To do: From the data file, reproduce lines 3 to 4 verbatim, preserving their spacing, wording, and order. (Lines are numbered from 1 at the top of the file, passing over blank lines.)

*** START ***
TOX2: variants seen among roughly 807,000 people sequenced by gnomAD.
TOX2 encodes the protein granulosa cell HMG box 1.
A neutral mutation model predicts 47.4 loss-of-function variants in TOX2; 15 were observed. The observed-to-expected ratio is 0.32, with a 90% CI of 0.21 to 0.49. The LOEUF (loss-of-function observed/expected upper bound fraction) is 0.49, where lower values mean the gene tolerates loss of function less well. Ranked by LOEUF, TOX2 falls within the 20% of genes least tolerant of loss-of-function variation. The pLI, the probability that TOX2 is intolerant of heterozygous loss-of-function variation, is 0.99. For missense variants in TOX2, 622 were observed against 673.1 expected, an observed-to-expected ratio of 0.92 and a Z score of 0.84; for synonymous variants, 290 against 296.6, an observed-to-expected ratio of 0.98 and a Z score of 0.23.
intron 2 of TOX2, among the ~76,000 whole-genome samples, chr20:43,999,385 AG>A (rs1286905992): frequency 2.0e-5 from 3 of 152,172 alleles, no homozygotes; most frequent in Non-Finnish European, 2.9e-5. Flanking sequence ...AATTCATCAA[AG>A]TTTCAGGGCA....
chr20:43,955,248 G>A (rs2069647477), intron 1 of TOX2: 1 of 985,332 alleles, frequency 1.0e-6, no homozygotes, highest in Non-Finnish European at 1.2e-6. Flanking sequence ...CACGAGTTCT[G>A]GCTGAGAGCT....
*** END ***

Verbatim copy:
A neutral mutation model predicts 47.4 loss-of-function variants in TOX2; 15 were observed. The observed-to-expected ratio is 0.32, with a 90% CI of 0.21 to 0.49. The LOEUF (loss-of-function observed/expected upper bound fraction) is 0.49, where lower values mean the gene tolerates loss of function less well. Ranked by LOEUF, TOX2 falls within the 20% of genes least tolerant of loss-of-function variation. The pLI, the probability that TOX2 is intolerant of heterozygous loss-of-function variation, is 0.99. For missense variants in TOX2, 622 were observed against 673.1 expected, an observed-to-expected ratio of 0.92 and a Z score of 0.84; for synonymous variants, 290 against 296.6, an observed-to-expected ratio of 0.98 and a Z score of 0.23.
intron 2 of TOX2, among the ~76,000 whole-genome samples, chr20:43,999,385 AG>A (rs1286905992): frequency 2.0e-5 from 3 of 152,172 alleles, no homozygotes; most frequent in Non-Finnish European, 2.9e-5. Flanking sequence ...AATTCATCAA[AG>A]TTTCAGGGCA....